As with many such exhibitions of ephemera, this one is the result of the work of just one especially zealous collector, whose determination seems to emanate from the prints themselves. Stokes — a patrician architect who often disguised himself as a vagrant in Paris and New York to experience better the life of the poor — became consumed with collecting New York City maps, prints and drawings after the turn of the century.

His obsession eventually grew into what many experts regard as the greatest historical record of the development of the city: "The Iconography of Manhattan Island," six thick volumes that he and a small army of assistants published over a 13-year period that includes not only rare prints and views of the city but also exhaustive day-to-day chronologies of the life of New York over hundreds of years.

In some ways, Stokes seemed to embody the very mania that he himself described as having led to the explosion of city prints over a century. In one introduction to his print collection, which he donated to the library in 1930, Stokes asks, with complete sincerity: "Can there be anyone so callous, and so lacking in romance, as not to feel a thrill of emotion before such contemporary pictures as the crudely drawn Labadist view of New York in 1679?" And then he goes on to list several other prints that probably only he and handful of other collectors would ever become so excited about.

As a viewer traverses the hallways at the library filled with the prints, it is hard not to feel that Stokes and many of the 19th-century fans of the lithographs loved them partly because they presented a happy, hermetic, well-polished version of a country whose cities were beginning to tarnish considerably by the time Stokes died in 1944, having been almost bankrupted by the Depression.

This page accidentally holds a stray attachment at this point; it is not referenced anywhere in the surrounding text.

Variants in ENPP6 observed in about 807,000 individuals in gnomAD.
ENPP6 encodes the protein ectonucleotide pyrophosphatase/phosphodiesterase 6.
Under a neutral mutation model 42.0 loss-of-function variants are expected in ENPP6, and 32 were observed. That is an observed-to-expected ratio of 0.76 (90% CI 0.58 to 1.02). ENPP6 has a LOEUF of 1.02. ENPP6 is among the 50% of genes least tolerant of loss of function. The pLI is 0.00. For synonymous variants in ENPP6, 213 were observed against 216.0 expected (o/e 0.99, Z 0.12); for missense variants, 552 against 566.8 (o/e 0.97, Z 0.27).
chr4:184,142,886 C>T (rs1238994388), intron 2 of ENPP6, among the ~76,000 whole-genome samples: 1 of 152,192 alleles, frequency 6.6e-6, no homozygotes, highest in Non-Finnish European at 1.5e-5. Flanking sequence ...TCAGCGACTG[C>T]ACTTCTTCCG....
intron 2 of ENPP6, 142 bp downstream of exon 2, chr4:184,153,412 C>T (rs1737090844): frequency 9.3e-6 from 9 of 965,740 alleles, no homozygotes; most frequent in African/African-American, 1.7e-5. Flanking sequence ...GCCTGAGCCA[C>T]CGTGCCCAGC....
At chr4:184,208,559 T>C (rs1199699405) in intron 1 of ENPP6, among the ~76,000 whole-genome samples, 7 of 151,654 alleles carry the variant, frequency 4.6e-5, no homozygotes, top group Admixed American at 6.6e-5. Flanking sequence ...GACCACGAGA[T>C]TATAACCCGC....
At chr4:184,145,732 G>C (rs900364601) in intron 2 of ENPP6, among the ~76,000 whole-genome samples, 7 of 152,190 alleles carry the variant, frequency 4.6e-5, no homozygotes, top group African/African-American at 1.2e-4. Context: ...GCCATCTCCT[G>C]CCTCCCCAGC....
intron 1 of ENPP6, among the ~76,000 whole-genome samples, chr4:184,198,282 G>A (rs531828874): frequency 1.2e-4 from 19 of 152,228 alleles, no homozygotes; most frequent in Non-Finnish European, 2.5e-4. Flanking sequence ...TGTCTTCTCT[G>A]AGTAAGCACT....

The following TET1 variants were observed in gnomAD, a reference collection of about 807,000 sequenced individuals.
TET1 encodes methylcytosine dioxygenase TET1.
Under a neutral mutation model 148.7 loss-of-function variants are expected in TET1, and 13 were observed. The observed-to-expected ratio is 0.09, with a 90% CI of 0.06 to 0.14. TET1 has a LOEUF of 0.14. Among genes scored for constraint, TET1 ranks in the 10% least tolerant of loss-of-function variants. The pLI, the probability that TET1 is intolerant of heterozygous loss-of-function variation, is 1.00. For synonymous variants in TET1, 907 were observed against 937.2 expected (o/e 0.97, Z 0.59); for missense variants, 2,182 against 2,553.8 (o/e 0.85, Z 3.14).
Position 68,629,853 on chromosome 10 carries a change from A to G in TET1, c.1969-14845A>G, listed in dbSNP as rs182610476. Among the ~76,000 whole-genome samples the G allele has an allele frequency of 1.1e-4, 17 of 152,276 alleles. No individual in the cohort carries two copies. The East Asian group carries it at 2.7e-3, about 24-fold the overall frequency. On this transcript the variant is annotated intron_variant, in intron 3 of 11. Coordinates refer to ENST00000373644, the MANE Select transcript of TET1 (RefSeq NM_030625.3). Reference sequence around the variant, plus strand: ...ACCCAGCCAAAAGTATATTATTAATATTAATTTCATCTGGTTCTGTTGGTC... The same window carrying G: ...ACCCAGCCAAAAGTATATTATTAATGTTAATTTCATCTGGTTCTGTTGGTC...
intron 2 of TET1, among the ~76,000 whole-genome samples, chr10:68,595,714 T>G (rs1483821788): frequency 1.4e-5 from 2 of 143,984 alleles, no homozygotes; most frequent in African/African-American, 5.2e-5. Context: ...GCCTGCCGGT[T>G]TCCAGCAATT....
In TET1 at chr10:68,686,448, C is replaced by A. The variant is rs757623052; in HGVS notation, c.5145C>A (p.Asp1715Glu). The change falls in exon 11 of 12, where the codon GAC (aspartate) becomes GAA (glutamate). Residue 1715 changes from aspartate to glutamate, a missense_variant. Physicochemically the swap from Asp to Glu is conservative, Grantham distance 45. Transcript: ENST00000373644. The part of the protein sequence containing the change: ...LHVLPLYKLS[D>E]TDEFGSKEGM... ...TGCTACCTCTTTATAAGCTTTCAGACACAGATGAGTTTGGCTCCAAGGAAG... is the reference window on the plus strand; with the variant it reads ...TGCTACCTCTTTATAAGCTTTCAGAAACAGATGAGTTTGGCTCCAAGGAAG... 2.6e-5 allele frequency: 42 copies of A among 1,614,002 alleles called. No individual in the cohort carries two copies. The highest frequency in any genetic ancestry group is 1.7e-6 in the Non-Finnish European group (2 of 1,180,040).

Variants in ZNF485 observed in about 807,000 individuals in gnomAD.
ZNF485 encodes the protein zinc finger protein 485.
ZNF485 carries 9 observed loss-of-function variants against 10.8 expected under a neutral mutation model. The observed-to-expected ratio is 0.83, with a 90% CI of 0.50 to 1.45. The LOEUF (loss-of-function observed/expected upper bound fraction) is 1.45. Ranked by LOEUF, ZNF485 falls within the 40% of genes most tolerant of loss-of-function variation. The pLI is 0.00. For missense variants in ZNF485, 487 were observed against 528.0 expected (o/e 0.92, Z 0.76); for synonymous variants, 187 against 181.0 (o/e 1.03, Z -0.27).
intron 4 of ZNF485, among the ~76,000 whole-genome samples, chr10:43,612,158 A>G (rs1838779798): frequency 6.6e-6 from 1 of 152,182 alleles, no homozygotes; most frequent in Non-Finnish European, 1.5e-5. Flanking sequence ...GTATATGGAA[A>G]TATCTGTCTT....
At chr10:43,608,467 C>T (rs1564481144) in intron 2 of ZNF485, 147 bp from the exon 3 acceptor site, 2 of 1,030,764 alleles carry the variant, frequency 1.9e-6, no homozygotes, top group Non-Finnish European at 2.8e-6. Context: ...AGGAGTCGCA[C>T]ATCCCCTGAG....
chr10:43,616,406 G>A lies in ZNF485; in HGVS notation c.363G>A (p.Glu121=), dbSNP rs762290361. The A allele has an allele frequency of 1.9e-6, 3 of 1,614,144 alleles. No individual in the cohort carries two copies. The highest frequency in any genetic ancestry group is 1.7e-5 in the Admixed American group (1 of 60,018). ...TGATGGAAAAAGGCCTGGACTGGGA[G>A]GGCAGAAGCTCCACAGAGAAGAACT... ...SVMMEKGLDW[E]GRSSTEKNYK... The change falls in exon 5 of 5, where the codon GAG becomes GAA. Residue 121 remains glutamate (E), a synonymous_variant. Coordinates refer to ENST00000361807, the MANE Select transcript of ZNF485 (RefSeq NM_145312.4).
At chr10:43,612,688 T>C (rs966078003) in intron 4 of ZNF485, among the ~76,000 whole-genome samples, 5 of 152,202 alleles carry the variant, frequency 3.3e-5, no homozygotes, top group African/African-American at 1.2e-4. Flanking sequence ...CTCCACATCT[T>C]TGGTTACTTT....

Stokes himself seems to have preferred to live inside the more hopeful world that existed in his prints. At one point in the early 1930's he complained that American cities and even the countryside were beginning to show a "raw, often a slovenly appearance."

He added, sounding as if he did not really believe the trend would reverse itself: "Let us pray that long before the dawn of another century we may have become conscious of these unsatisfactory conditions, which at present seem to cause the average American but little concern, and that we may have set ourselves resolutely to overcome them — both as individuals and as a nation."

"Cities in the Americas: A Celebration of the Phelps Stokes Collection" remains at the New York Public Library, Fifth Avenue and 42nd Street, through June 26. Admission is free. Hours: Tuesdays and Wednesdays, 11 a.m. to 7:30 p.m.; Thursdays through Saturdays, 10 a.m. to 6 p.m.; closed Sundays, Mondays and holidays. Exhibition information: (212) 869-8089.

Copyright 2004 The New York Times Company